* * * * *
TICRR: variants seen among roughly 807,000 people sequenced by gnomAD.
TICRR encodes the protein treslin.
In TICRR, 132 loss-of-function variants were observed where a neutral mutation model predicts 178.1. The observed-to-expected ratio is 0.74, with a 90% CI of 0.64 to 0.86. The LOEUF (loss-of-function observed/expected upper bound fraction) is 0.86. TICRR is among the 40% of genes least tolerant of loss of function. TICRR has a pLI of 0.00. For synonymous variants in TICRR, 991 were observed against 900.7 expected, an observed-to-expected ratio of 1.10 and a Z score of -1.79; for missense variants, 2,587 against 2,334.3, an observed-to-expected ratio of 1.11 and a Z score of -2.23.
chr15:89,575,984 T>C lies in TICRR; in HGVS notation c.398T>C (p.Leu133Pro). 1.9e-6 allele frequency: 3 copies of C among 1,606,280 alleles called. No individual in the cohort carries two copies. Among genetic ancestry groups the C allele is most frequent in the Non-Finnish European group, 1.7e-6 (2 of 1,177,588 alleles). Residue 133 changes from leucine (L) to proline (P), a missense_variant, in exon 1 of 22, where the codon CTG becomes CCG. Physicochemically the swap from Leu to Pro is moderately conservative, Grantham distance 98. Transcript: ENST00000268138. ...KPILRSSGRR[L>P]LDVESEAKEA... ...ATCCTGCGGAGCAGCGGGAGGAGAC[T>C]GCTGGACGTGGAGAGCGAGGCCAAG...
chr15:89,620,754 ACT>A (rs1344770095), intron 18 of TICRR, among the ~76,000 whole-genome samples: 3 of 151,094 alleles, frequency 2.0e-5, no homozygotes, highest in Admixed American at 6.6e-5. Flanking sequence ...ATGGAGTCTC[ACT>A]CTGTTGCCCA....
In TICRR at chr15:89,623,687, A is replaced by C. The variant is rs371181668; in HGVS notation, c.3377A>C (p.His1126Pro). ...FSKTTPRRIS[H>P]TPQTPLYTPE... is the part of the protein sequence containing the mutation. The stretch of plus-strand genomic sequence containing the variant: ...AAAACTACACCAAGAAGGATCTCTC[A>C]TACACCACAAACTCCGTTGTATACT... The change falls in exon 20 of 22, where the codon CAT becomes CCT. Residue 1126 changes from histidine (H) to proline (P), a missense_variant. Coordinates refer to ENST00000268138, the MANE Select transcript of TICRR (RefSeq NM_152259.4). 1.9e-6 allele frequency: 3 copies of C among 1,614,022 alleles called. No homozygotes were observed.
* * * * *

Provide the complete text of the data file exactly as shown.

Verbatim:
TICRR: variants seen among roughly 807,000 people sequenced by gnomAD.
TICRR encodes the protein treslin.
In TICRR, 132 loss-of-function variants were observed where a neutral mutation model predicts 178.1. The observed-to-expected ratio is 0.74, with a 90% CI of 0.64 to 0.86. The LOEUF (loss-of-function observed/expected upper bound fraction) is 0.86. TICRR is among the 40% of genes least tolerant of loss of function. TICRR has a pLI of 0.00. For synonymous variants in TICRR, 991 were observed against 900.7 expected, an observed-to-expected ratio of 1.10 and a Z score of -1.79; for missense variants, 2,587 against 2,334.3, an observed-to-expected ratio of 1.11 and a Z score of -2.23.
chr15:89,575,984 T>C lies in TICRR; in HGVS notation c.398T>C (p.Leu133Pro). 1.9e-6 allele frequency: 3 copies of C among 1,606,280 alleles called. No individual in the cohort carries two copies. Among genetic ancestry groups the C allele is most frequent in the Non-Finnish European group, 1.7e-6 (2 of 1,177,588 alleles). Residue 133 changes from leucine (L) to proline (P), a missense_variant, in exon 1 of 22, where the codon CTG becomes CCG. Physicochemically the swap from Leu to Pro is moderately conservative, Grantham distance 98. Transcript: ENST00000268138. ...KPILRSSGRR[L>P]LDVESEAKEA... ...ATCCTGCGGAGCAGCGGGAGGAGAC[T>C]GCTGGACGTGGAGAGCGAGGCCAAG...
chr15:89,620,754 ACT>A (rs1344770095), intron 18 of TICRR, among the ~76,000 whole-genome samples: 3 of 151,094 alleles, frequency 2.0e-5, no homozygotes, highest in Admixed American at 6.6e-5. Flanking sequence ...ATGGAGTCTC[ACT>A]CTGTTGCCCA....
In TICRR at chr15:89,623,687, A is replaced by C. The variant is rs371181668; in HGVS notation, c.3377A>C (p.His1126Pro). ...FSKTTPRRIS[H>P]TPQTPLYTPE... is the part of the protein sequence containing the mutation. The stretch of plus-strand genomic sequence containing the variant: ...AAAACTACACCAAGAAGGATCTCTC[A>C]TACACCACAAACTCCGTTGTATACT... The change falls in exon 20 of 22, where the codon CAT becomes CCT. Residue 1126 changes from histidine (H) to proline (P), a missense_variant. Coordinates refer to ENST00000268138, the MANE Select transcript of TICRR (RefSeq NM_152259.4). 1.9e-6 allele frequency: 3 copies of C among 1,614,022 alleles called. No homozygotes were observed.